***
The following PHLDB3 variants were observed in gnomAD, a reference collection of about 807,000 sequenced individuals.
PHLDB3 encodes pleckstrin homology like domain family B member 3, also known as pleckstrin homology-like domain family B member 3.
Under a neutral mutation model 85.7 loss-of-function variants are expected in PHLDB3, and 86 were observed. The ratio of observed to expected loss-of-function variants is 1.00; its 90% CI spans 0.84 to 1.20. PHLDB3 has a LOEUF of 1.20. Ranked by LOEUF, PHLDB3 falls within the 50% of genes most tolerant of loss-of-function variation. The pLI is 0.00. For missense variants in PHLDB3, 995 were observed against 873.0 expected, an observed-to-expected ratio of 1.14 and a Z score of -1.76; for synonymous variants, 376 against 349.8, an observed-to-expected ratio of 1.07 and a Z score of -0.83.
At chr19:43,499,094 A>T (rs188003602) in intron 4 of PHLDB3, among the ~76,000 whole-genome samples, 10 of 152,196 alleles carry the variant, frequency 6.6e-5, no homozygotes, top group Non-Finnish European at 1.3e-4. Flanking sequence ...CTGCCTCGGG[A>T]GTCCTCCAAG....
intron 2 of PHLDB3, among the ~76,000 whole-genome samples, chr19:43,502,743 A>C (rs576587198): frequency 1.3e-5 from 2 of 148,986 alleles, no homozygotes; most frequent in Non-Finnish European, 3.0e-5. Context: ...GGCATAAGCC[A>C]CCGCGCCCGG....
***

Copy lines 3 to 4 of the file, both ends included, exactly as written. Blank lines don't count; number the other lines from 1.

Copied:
Under a neutral mutation model 85.7 loss-of-function variants are expected in PHLDB3, and 86 were observed. The ratio of observed to expected loss-of-function variants is 1.00; its 90% CI spans 0.84 to 1.20. PHLDB3 has a LOEUF of 1.20. Ranked by LOEUF, PHLDB3 falls within the 50% of genes most tolerant of loss-of-function variation. The pLI is 0.00. For missense variants in PHLDB3, 995 were observed against 873.0 expected, an observed-to-expected ratio of 1.14 and a Z score of -1.76; for synonymous variants, 376 against 349.8, an observed-to-expected ratio of 1.07 and a Z score of -0.83.
At chr19:43,499,094 A>T (rs188003602) in intron 4 of PHLDB3, among the ~76,000 whole-genome samples, 10 of 152,196 alleles carry the variant, frequency 6.6e-5, no homozygotes, top group Non-Finnish European at 1.3e-4. Flanking sequence ...CTGCCTCGGG[A>T]GTCCTCCAAG....